A vision for eradicating poverty by 2030
Development Initiatives (DI) welcomes the publication of the Synthesis Report of the Secretary-General on the Post-2015 Agenda: The Road to Dignity by 2030: Ending Poverty, Transforming All Lives and Protecting the Planet. As anticipated, the report confirms that eradicating poverty by 2030 should be the overarching objective of the sustainable development agenda. Having campaigned for an ambitious target for eradicating poverty for many years, DI is pleased that the report supports the view that this can be achieved within one more generation.
Similarly, the report’s emphasis on “leaving no one behind” and on targeting resources on the poorest and most vulnerable in all countries is welcome, and echoes our own call for resources to be targeted on the poorest 20% of people everywhere. ODA (official development assistance) is the main international resource which can be targeted at poverty eradication and which does not seek profit. So within the post-2015 financing framework it is essential that scarce ODA resources are targeted at where poverty and need is greatest. Aid providers should move away from country-income-based aid allocations and move towards a more sophisticated and people-centred measure that looks at the impact of all resources, especially aid but also private finance on the poorest 20% globally.
We therefore welcome the report’s recognition of the need to mobilise all resources – public and private, domestic and international – to realise the ambitious goals set out in this agenda. We also support the clear recommendation that all developed countries should meet the 0.7% target for ODA.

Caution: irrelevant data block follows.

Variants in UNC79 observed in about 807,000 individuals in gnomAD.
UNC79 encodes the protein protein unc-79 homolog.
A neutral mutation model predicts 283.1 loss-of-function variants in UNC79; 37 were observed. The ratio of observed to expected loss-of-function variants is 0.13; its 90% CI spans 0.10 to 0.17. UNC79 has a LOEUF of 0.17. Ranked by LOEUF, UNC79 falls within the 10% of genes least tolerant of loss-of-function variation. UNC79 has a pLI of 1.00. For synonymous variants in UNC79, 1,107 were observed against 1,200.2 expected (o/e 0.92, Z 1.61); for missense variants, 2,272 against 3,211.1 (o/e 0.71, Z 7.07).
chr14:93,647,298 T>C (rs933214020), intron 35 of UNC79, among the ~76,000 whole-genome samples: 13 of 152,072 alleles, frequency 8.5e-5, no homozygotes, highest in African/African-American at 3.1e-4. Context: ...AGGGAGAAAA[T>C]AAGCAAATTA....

Where the report could have been stronger
There are several references to the importance of social protection floors, but DI would have liked to see more recognition of the need for international resources to backstop national governments’ effort to fund them – in order to provide a universal basic income guarantee.
While the report recognises the links between humanitarian crises, poverty and vulnerability, it fails to mention the forthcoming World Humanitarian Summit (2016) as one of the key upcoming opportunities. There is a risk that failure to link the post-2015 Sustainable Development Goals (SDGs), Financing for Development and World Humanitarian Summit will hinder efforts to promote greater synergies between relief and development.
DI is disappointed that access to information merits only a passing reference in the report. Given the transformative power of information, DI would like to have seen this issue elevated to a goal in its own right in the post-2015 agenda.
Bottom-up approach on data revolution is key
On a more positive note, DI welcomes the repeated references to the need for disaggregated data, including data disaggregated by gender, in order to ensure that no one is left behind. From DI’s perspective, the data revolution for sustainable development needs to start from the bottom-up, providing decision-makers at national and sub-national level with the data they need to make better decisions, rather than focussing on the data required for global monitoring of the SDGs.
Addis is where we must come together
Overall, the UNSG’s report sets out a compelling vision for the future. The challenge ahead is for all stakeholders – governments, the private sector and providers of private development assistance – to come together and mobilise the resources necessary to realise this ambitious agenda when they meet at the Third International Conference on Financing for Development in Addis Ababa in six months’ time.